Nebraska Embarks on Major Carbon Capture Initiatives

carbon dioxide

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by | Jun 14, 2021

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(Credit: Pixabay)

Chief Industries, Inc. and Catahoula Resources have entered into an agreement to jointly develop carbon capture and permanent sequestration (CCS) within Nebraska.

Through this arrangement, Chief Ethanol, a division of Chief Industries, joins forces with Catahoula, a portfolio company of private investment firm The Energy and Minerals Group (EMG), one of the largest investors in midstream infrastructure in North America.

Catahoula and Chief are currently evaluating CCS infrastructure investments that will enhance the sustainability and improve the economics of ethanol production through low-cost carbon storage within Nebraska. Work has already begun to evaluate favorable storage geology through Catahoula’s joint development arrangement with Battelle.

The passage of LB650 (Adopt the Nebraska Geologic Storage of Carbon Dioxide Act) allows for the geologic storage of carbon dioxide. The Act was introduced in January 2021 and passed May 26. LB650 allows geologic storage only if a storage operator obtains a permit from both the commission and the Environmental Protection Agency’s Underground Injection Control program. Before the commission issues a permit, it must hold a public hearing and consult with the state Department of Environment and Energy and the federal permitting authority.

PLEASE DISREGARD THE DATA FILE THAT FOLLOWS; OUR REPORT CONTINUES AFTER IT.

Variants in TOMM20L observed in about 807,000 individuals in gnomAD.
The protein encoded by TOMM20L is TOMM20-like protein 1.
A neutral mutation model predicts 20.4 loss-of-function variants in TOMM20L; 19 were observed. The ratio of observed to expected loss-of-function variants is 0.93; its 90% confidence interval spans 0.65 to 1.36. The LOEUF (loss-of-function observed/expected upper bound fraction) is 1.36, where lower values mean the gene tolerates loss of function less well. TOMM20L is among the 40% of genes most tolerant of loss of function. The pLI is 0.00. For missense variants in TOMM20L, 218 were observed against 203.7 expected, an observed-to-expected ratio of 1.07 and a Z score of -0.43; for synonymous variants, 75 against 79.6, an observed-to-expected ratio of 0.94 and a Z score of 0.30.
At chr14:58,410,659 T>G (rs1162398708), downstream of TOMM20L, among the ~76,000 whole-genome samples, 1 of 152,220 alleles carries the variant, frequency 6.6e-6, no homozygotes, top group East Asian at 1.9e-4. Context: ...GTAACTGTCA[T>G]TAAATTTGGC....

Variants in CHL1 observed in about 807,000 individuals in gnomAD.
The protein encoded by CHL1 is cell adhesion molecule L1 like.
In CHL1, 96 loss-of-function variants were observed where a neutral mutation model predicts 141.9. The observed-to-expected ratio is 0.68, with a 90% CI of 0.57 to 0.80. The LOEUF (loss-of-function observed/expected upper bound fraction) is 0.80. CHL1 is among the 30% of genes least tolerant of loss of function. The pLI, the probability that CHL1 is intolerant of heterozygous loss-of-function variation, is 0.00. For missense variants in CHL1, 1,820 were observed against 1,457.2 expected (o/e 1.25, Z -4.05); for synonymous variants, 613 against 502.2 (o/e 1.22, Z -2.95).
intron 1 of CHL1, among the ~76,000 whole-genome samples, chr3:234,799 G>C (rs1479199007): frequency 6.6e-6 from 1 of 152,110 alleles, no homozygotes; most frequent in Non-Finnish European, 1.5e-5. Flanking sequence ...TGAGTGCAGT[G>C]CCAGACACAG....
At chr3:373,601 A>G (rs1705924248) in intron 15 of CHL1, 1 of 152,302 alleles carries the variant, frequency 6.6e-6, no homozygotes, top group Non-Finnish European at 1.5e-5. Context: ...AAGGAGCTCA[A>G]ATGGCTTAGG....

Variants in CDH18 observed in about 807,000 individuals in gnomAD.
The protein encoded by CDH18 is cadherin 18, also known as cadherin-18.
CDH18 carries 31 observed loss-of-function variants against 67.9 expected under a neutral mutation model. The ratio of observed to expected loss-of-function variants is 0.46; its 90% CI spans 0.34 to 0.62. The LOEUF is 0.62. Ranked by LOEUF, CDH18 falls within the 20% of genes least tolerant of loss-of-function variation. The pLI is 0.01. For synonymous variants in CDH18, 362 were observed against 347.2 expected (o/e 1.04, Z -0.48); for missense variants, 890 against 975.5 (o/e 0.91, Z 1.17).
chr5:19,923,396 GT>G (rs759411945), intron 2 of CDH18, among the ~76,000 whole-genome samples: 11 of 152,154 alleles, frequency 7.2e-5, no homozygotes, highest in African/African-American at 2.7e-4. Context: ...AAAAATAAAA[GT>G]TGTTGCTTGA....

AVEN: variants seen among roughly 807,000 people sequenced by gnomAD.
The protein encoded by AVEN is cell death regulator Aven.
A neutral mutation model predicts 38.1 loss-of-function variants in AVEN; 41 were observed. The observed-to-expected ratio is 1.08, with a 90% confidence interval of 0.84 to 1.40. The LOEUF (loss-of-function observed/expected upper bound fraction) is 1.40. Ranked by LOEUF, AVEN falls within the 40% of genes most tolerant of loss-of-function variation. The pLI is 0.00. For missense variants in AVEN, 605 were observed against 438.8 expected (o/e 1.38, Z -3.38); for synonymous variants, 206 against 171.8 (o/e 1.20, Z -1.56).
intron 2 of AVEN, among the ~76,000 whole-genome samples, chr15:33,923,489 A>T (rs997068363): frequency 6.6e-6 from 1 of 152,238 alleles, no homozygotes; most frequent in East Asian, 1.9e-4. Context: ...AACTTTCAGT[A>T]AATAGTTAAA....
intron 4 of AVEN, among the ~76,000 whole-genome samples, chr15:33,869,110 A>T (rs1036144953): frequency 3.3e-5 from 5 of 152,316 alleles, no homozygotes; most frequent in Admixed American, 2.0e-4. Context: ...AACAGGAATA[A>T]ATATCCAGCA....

The commission must find that the proposed storage facility would not endanger surface waters or underground drinking water sources and that the storage operator will establish a testing and monitoring plan to assess the location and migration of injected carbon dioxide.

In March, Valero Energy and BlackRock Global Energy & Power Infrastructure Fund III announced they were partnering with Navigator Energy Services to develop an industrial scale carbon capture pipeline system. The initial phase is expected to span more than 1,200 miles of new carbon dioxide gathering and transportation pipelines across five Midwest states with the capability of permanently storing up to 5 million metric tonnes of carbon dioxide per year.

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